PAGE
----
The validity of self-reported marijuana and cocaine use

Charles Katz, Vincent Webb, Patrick R. Gartin, Chris E. Marshall

    Research output: Contribution to journalArticlepeer-review

    23 Scopus citations


    This article presents initial evidence on the validity of self-report interview data obtained from recently booked arrestees participating in the Drug Use Forecasting (DUF) program to identify factors associated with the accuracy of the DUF self-reports. In addition, this study examines issues surrounding the accuracy of self-reporting a relatively soft drug, such as marijuana, compared to a relatively hard drug, such as cocaine. The data were obtained from 4,080 arrestees in the DUF program in Omaha, Nebraska from 1987 to 1994. It was found that the accuracy of self-reported drug use varies considerably from one drug to another. In the case of a relatively soft drug, such as marijuana, the accuracy of self-reports may be less dependent on personal characteristics than on situational factors. When examining a relatively hard drug, however, such as cocaine, self-reports may be more influenced by both respondent characteristics and situational factors.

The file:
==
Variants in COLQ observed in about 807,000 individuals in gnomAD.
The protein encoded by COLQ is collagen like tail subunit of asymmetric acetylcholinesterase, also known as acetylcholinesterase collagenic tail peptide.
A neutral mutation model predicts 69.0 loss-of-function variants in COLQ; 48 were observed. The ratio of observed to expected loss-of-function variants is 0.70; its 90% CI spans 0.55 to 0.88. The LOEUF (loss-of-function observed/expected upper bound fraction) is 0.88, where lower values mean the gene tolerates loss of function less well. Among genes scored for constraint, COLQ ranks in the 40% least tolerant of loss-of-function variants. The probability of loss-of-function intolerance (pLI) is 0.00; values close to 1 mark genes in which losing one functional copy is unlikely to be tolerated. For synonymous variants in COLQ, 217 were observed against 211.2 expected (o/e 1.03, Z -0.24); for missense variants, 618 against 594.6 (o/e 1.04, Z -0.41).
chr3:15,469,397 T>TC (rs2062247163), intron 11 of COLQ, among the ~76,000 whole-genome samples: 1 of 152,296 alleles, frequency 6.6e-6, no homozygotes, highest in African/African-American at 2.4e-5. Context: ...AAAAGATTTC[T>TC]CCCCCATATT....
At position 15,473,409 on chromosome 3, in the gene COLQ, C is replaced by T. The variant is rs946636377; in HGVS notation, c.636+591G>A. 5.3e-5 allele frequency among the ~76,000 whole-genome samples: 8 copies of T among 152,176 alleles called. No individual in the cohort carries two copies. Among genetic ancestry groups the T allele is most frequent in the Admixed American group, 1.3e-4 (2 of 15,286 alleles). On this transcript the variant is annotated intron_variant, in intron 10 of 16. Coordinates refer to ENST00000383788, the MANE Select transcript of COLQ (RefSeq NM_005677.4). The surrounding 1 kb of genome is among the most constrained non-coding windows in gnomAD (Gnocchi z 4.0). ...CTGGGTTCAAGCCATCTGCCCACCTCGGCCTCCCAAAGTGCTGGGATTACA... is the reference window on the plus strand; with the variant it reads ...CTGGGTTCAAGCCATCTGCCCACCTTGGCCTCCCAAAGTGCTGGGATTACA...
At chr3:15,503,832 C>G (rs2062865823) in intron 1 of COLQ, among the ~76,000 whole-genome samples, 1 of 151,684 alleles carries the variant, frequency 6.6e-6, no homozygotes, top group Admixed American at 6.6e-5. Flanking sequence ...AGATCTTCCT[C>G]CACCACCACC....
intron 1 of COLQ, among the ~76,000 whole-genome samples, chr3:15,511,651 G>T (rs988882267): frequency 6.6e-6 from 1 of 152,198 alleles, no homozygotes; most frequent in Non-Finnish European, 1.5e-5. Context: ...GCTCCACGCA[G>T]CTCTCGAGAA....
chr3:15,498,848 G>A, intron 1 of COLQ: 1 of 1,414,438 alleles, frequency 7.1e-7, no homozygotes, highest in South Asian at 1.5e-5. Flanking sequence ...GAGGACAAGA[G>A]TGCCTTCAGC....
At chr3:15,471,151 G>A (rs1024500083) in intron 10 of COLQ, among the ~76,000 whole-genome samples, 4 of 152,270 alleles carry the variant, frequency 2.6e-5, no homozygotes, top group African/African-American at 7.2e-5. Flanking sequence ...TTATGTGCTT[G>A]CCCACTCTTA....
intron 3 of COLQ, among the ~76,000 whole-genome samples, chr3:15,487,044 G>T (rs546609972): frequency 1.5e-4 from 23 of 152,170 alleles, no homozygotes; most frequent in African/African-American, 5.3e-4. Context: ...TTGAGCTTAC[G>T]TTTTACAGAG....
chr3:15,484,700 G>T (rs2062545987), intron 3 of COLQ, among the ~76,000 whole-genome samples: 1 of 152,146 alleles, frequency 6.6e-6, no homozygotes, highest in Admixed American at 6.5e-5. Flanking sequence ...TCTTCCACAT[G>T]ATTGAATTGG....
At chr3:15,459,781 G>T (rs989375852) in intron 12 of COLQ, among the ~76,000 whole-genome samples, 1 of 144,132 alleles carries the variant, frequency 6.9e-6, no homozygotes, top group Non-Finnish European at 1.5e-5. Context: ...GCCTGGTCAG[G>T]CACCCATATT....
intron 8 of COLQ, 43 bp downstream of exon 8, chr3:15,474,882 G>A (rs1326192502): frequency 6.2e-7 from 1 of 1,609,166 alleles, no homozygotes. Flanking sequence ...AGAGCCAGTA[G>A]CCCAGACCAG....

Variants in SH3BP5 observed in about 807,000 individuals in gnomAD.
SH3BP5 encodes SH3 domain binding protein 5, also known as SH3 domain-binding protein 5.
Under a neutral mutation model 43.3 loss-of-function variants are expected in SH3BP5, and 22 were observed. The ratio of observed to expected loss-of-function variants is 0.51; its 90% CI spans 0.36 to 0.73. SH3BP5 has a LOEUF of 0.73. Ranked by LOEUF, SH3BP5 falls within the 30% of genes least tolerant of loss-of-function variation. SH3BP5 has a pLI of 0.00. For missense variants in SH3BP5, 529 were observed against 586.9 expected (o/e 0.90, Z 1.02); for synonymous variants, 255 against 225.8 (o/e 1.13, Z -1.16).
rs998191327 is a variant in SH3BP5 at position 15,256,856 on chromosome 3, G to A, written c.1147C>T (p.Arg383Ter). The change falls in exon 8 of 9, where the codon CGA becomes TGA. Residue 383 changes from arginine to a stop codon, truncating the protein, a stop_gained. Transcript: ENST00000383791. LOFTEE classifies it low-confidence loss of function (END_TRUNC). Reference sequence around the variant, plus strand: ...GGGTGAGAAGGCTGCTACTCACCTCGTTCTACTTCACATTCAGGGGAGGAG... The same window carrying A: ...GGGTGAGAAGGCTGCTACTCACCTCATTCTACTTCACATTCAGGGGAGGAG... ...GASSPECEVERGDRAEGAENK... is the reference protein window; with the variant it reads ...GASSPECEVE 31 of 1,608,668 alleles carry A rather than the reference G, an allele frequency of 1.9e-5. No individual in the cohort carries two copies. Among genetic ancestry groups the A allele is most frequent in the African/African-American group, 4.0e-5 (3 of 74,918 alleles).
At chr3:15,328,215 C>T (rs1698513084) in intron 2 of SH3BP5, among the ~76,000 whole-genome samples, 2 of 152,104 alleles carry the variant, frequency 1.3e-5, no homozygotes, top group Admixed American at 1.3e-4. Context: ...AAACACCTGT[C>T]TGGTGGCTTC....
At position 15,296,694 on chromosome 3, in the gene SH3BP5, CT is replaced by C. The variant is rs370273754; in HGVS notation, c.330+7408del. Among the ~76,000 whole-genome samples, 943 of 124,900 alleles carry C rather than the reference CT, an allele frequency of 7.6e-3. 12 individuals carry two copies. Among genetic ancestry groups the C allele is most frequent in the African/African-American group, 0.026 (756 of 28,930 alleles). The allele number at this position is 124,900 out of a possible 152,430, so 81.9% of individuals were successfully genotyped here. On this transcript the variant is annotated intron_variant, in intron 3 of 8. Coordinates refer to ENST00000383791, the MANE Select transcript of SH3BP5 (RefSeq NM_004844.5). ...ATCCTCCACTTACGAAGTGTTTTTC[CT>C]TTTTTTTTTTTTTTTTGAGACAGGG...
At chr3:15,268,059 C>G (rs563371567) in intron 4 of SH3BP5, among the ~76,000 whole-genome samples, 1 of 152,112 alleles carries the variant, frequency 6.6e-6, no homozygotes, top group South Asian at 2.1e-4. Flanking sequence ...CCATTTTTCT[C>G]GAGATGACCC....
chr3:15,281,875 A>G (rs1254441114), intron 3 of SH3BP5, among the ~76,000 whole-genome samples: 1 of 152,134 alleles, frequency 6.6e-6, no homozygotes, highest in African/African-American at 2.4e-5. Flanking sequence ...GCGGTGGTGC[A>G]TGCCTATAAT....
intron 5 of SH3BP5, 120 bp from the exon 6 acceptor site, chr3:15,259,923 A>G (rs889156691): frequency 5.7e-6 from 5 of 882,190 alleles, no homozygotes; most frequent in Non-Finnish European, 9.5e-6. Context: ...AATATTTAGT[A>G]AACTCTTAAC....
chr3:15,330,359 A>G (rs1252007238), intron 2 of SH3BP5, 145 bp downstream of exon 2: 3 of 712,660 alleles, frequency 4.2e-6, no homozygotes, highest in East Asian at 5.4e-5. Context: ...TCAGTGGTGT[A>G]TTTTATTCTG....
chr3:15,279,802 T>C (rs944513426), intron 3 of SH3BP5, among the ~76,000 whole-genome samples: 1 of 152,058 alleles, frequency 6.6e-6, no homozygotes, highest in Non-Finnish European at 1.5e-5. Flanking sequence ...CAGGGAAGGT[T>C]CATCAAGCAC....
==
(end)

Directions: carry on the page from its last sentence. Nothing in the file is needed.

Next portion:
Original languageEnglish (US)
    Pages (from-to)31-41
    Number of pages11
    JournalJournal of Criminal Justice
    Issue number1
    StatePublished - Jan 1 1997

    ASJC Scopus subject areas

    • Social Psychology
    • Applied Psychology
    • Sociology and Political Science
    • Law


    Dive into the research topics of 'The validity of self-reported marijuana and cocaine use'. Together they form a unique fingerprint.

    Cite this